My Car Quest

December 5, 2023

Car Of The Day – Classic Car For Sale – 1973 Maserati Bora 4.9 Liter

by Mike –

Here is my pick for the classic car for sale today that I would like to own. This was the practical super car from Maserati. The Bora succeeded the Ghibli with 571 being produced from 1971 to 1980.

The steel body was designed by Giorgetto Giugiaro of ItalDesign, always a plus for me.

1973 Maserati Bora 4.9 Liter

Maserati Bora for sale

Maserati Bora for sale

The seller says,

* High-cost european bumper conversion

* Service records spanning 25 years

* 20,310 original miles

* 4.9-liter dohc V8/330-horsepower

* 5-speed ZF-transaxle

* Upgraded electronic ignition

* Campagnolo lightweight alloy wheels

* Power windows

* Power adjustable pedals

* Complete original factory manuals

* One of the finest anywhere

Maserati Bora engine

Maserati Bora interior

This Maserati Bora is for sale on eBay with a starting bid of $96,770 and a Buy it Now price of $99,000.


The Bora has always appeared to be a little compact yet the style still holds up after all of these years. With the price increases of other classic cars from the same era the Bora, like the Ghibli, seems like a good buy.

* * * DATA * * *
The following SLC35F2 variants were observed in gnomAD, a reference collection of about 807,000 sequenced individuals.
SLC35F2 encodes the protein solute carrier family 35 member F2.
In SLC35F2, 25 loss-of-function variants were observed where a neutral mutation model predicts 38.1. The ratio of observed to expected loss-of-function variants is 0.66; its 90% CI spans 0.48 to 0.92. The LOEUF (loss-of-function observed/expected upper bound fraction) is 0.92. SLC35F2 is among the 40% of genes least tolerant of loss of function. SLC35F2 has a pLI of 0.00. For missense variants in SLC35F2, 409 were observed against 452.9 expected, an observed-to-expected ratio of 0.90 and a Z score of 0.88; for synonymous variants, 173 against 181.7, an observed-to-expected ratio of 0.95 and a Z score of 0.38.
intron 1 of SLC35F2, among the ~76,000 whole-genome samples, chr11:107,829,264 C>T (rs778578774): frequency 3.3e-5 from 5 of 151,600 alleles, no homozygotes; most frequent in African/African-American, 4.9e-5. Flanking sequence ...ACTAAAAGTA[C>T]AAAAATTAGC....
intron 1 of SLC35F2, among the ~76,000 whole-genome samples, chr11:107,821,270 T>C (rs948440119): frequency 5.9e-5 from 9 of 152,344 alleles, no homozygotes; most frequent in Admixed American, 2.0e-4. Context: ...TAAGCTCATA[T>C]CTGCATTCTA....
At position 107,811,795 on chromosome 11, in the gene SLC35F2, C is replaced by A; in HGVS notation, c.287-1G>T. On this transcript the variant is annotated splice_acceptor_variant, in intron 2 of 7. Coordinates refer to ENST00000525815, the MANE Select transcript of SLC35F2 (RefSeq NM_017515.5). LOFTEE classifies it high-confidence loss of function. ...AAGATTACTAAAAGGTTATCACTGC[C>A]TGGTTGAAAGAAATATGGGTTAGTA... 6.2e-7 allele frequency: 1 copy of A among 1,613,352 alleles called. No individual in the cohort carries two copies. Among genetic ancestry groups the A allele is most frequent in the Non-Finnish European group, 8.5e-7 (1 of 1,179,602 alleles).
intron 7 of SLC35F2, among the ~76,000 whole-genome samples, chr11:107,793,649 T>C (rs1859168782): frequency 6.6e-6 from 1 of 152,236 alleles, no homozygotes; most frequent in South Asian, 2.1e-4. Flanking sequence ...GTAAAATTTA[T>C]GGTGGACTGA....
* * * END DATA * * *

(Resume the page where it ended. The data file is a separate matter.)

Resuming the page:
I like the European bumper conversion – it looks the way that Giugiaro intended. This example has low miles so if it was cared for properly it should be in good shape. The seller did not mention any restoration work. It would be a plus if it has not been restored – one question for a potential buyer to ask the seller.

Maserati Bora for sale

Let us know what you think about this classic Maserati Bora in the Comments.


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  1. Looks like a great example of an early production 4,9 liter Bora. It is not a real European bumper conversion (European models have the splitted, chromed “oval” grill with the large Maserati trident in between). However, replacing the ugly US plastic bumbers by a chromed one, gives a nice front.

  2. One of my very favourites. It can look a bit heavy viewed from the rear 3/4 but a beautiful car for all that. Have seen one close up and looks even better than in pictures. Wish I had 99k.

  3. MemoryCatcher says